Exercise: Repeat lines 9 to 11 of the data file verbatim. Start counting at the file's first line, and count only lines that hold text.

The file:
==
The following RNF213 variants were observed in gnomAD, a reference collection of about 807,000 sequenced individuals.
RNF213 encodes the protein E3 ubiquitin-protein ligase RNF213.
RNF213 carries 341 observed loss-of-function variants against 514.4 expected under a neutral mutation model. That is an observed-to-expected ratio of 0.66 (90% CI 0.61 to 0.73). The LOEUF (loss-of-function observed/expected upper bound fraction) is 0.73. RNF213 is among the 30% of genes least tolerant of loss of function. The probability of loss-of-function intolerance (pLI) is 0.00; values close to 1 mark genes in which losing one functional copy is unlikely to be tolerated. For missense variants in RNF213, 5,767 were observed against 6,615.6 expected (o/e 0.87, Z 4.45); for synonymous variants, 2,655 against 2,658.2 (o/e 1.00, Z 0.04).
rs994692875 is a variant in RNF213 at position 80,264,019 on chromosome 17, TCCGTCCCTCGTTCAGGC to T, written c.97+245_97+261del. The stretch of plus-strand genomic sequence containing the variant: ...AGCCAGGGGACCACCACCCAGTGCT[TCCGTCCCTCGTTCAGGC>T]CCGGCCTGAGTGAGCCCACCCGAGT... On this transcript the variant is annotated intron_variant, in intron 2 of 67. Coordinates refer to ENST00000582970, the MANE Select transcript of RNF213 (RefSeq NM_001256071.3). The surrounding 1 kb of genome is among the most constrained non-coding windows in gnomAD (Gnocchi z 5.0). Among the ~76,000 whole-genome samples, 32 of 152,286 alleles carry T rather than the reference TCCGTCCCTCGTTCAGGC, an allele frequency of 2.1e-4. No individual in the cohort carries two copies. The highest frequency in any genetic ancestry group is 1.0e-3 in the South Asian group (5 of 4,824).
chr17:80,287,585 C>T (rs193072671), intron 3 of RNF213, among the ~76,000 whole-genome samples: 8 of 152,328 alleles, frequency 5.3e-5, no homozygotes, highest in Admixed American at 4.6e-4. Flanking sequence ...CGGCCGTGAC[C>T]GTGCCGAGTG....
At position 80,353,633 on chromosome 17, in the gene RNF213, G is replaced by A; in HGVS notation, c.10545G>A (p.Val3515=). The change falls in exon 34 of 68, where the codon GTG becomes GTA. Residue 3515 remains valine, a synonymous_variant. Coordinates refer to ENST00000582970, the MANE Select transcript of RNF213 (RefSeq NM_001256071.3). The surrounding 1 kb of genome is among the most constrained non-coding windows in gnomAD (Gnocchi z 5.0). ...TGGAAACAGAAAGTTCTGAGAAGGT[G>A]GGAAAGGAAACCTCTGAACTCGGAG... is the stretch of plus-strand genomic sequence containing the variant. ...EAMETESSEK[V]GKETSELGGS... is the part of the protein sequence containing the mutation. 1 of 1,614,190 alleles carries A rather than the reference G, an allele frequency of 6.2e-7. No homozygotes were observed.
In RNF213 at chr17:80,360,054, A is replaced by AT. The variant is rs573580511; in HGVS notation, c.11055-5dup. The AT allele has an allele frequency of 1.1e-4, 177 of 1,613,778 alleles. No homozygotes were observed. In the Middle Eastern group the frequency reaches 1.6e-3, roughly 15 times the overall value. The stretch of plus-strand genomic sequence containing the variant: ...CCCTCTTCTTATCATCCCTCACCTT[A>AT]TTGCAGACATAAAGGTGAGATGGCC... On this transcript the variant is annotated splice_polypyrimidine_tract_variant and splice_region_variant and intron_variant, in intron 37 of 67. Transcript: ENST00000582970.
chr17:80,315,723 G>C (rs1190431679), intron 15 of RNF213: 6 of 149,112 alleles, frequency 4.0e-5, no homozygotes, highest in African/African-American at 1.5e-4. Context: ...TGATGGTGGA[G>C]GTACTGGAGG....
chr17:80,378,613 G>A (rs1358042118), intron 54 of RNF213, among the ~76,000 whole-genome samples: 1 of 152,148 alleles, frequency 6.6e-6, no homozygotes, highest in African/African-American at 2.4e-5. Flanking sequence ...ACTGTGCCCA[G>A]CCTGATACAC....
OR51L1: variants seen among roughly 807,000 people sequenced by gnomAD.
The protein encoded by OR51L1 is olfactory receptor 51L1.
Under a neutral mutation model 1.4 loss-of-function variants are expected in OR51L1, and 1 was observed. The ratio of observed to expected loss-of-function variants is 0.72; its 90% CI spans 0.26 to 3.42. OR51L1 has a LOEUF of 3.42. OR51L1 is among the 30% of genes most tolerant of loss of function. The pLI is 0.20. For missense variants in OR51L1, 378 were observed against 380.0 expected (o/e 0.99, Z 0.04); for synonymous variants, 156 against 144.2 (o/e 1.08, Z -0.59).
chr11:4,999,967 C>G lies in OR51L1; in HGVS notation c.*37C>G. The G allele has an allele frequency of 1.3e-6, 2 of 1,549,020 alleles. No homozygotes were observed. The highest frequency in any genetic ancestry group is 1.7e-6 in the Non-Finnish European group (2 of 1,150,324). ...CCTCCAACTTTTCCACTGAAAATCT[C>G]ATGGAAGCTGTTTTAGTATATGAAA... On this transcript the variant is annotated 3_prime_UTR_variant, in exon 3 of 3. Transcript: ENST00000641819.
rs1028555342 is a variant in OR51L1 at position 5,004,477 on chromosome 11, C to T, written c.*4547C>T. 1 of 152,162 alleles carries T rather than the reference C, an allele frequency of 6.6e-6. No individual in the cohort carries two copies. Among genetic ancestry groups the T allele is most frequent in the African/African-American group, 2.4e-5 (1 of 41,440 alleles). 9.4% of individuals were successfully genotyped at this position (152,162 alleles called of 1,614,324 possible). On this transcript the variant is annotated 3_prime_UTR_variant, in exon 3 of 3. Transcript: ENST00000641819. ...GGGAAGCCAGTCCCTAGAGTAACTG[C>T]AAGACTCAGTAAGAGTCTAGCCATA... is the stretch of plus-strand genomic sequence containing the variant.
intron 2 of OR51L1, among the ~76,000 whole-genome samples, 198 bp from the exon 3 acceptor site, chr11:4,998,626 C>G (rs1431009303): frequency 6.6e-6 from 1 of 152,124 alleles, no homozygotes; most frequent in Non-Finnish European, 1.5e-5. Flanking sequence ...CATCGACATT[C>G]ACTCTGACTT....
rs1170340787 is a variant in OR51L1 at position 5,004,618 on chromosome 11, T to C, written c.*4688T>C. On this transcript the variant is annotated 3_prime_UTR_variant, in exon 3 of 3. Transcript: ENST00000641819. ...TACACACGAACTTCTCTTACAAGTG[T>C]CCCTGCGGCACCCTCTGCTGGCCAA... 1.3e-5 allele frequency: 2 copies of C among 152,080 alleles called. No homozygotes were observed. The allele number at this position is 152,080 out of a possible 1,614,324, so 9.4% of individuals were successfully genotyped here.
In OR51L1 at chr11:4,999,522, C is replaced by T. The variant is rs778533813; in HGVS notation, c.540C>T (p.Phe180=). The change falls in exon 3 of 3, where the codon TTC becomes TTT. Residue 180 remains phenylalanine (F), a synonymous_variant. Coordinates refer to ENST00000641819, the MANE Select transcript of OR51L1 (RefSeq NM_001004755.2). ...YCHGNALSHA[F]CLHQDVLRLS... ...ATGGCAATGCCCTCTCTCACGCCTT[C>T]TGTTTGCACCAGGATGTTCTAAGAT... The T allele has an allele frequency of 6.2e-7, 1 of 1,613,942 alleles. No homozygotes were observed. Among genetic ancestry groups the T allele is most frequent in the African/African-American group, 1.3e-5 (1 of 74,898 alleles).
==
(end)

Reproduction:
chr17:80,378,613 G>A (rs1358042118), intron 54 of RNF213, among the ~76,000 whole-genome samples: 1 of 152,148 alleles, frequency 6.6e-6, no homozygotes, highest in African/African-American at 2.4e-5. Flanking sequence ...ACTGTGCCCA[G>A]CCTGATACAC....
OR51L1: variants seen among roughly 807,000 people sequenced by gnomAD.
The protein encoded by OR51L1 is olfactory receptor 51L1.